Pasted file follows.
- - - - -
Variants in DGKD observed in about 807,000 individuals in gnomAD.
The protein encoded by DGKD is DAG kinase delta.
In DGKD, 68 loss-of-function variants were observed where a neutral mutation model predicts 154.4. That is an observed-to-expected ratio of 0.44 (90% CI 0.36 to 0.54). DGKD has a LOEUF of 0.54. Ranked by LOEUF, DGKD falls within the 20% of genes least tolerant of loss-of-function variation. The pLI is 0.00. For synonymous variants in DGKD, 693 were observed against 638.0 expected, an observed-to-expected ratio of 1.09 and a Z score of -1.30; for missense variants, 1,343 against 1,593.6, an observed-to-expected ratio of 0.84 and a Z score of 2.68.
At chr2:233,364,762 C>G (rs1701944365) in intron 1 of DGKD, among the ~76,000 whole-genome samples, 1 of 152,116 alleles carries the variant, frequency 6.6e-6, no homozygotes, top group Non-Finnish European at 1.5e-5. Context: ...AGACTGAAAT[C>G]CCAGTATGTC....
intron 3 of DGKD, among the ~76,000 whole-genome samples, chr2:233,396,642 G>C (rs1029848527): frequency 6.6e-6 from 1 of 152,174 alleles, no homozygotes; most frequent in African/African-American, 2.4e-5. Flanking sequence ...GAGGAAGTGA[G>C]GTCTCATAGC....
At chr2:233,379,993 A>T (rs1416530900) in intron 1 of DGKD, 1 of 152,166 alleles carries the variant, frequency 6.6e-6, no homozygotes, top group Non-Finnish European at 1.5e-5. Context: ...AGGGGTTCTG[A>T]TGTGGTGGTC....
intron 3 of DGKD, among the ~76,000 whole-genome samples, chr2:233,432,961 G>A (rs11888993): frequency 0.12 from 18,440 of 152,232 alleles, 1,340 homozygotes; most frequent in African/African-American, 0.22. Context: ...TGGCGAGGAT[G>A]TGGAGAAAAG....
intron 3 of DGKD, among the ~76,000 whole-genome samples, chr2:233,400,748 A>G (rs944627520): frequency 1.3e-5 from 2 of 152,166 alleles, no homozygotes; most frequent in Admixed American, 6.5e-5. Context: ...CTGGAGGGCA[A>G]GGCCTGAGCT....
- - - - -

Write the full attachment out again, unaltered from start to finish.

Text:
Variants in DGKD observed in about 807,000 individuals in gnomAD.
The protein encoded by DGKD is DAG kinase delta.
In DGKD, 68 loss-of-function variants were observed where a neutral mutation model predicts 154.4. That is an observed-to-expected ratio of 0.44 (90% CI 0.36 to 0.54). DGKD has a LOEUF of 0.54. Ranked by LOEUF, DGKD falls within the 20% of genes least tolerant of loss-of-function variation. The pLI is 0.00. For synonymous variants in DGKD, 693 were observed against 638.0 expected, an observed-to-expected ratio of 1.09 and a Z score of -1.30; for missense variants, 1,343 against 1,593.6, an observed-to-expected ratio of 0.84 and a Z score of 2.68.
At chr2:233,364,762 C>G (rs1701944365) in intron 1 of DGKD, among the ~76,000 whole-genome samples, 1 of 152,116 alleles carries the variant, frequency 6.6e-6, no homozygotes, top group Non-Finnish European at 1.5e-5. Context: ...AGACTGAAAT[C>G]CCAGTATGTC....
intron 3 of DGKD, among the ~76,000 whole-genome samples, chr2:233,396,642 G>C (rs1029848527): frequency 6.6e-6 from 1 of 152,174 alleles, no homozygotes; most frequent in African/African-American, 2.4e-5. Flanking sequence ...GAGGAAGTGA[G>C]GTCTCATAGC....
At chr2:233,379,993 A>T (rs1416530900) in intron 1 of DGKD, 1 of 152,166 alleles carries the variant, frequency 6.6e-6, no homozygotes, top group Non-Finnish European at 1.5e-5. Context: ...AGGGGTTCTG[A>T]TGTGGTGGTC....
intron 3 of DGKD, among the ~76,000 whole-genome samples, chr2:233,432,961 G>A (rs11888993): frequency 0.12 from 18,440 of 152,232 alleles, 1,340 homozygotes; most frequent in African/African-American, 0.22. Context: ...TGGCGAGGAT[G>A]TGGAGAAAAG....
intron 3 of DGKD, among the ~76,000 whole-genome samples, chr2:233,400,748 A>G (rs944627520): frequency 1.3e-5 from 2 of 152,166 alleles, no homozygotes; most frequent in Admixed American, 6.5e-5. Context: ...CTGGAGGGCA[A>G]GGCCTGAGCT....